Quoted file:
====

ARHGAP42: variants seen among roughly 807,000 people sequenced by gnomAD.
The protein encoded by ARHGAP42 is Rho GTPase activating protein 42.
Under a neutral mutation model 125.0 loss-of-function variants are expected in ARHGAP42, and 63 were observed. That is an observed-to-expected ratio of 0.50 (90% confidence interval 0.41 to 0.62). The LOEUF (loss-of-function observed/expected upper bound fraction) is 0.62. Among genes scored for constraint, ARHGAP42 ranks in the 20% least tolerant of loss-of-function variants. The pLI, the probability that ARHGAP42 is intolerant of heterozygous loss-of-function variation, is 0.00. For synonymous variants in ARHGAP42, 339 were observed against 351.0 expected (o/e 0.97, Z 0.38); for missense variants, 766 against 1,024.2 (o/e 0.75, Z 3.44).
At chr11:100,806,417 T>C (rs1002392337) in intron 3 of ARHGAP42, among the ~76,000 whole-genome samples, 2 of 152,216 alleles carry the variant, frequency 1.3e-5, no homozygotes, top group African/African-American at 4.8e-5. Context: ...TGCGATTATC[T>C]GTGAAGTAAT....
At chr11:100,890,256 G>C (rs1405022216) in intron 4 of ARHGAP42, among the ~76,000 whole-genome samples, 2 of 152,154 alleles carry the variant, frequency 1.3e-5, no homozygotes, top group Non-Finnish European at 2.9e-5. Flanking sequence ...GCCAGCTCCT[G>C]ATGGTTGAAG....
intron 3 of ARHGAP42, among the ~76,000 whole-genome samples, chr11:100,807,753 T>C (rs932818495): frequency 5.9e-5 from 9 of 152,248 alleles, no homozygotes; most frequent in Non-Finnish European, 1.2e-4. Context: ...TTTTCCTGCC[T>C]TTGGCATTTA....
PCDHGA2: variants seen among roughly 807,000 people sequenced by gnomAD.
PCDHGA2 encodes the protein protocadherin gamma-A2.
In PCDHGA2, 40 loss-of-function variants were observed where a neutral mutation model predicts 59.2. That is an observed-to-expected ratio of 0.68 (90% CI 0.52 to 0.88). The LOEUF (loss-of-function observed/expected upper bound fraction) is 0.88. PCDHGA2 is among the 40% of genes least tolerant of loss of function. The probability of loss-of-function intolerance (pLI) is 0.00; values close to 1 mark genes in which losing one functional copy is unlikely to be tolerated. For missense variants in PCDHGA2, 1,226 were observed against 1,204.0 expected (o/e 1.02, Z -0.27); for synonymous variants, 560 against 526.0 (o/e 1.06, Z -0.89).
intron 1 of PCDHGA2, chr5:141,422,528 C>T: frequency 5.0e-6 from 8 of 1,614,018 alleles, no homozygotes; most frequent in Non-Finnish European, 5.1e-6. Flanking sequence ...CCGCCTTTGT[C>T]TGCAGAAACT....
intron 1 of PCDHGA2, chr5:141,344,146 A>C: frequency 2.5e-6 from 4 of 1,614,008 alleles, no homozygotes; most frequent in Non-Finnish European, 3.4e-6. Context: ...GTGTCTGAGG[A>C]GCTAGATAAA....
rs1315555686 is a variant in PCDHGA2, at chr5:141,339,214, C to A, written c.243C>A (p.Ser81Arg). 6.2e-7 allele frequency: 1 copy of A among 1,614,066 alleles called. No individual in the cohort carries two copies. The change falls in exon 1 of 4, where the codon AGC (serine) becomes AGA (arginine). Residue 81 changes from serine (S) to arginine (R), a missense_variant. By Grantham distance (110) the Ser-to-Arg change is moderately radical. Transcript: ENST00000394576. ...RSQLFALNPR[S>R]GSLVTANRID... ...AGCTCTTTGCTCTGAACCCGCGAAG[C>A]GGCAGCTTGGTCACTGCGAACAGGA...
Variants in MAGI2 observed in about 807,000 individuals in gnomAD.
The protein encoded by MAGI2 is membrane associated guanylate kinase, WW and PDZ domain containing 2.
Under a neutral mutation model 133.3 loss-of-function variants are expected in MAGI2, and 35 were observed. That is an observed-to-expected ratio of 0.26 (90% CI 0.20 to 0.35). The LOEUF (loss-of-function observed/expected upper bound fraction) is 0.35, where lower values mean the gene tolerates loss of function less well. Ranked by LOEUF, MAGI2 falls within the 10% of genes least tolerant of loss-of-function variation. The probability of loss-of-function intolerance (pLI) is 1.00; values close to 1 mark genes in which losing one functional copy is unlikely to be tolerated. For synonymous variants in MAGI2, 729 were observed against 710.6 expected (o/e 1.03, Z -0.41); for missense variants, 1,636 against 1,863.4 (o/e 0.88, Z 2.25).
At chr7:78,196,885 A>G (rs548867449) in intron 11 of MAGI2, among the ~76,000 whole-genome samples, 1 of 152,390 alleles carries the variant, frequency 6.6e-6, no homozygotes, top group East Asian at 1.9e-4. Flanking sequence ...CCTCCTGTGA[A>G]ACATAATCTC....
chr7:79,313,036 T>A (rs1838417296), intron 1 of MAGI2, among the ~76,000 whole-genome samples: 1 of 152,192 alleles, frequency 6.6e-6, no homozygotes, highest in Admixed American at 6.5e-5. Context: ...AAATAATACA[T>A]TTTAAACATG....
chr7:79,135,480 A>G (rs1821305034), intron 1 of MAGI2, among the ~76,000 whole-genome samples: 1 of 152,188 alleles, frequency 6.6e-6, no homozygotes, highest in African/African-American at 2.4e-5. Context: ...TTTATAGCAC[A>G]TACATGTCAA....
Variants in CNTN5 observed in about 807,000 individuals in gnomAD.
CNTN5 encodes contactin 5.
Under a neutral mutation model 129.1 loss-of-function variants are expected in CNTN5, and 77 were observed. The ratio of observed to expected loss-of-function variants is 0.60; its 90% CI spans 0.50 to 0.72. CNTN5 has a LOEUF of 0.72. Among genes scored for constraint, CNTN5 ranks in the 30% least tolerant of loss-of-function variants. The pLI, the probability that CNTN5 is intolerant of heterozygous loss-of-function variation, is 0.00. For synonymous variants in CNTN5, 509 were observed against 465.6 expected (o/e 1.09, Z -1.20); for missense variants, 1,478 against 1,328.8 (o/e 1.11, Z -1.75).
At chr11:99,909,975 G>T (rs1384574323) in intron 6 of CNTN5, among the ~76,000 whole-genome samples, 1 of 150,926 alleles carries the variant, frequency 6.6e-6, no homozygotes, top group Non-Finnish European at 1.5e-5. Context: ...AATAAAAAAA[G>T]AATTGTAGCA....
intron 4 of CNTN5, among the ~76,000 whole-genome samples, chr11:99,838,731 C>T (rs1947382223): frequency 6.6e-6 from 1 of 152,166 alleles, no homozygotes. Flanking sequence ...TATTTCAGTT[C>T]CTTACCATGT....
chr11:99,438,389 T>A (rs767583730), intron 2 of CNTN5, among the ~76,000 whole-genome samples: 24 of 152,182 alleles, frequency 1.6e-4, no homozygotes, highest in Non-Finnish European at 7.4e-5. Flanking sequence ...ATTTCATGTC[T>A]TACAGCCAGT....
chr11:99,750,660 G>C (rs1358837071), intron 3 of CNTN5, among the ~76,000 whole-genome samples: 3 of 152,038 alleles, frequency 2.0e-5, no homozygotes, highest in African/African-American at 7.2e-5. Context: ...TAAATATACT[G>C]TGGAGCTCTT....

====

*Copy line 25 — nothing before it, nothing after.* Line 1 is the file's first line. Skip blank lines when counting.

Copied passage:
chr11:99,750,660 G>C (rs1358837071), intron 3 of CNTN5, among the ~76,000 whole-genome samples: 3 of 152,038 alleles, frequency 2.0e-5, no homozygotes, highest in African/African-American at 7.2e-5. Context: ...TAAATATACT[G>C]TGGAGCTCTT....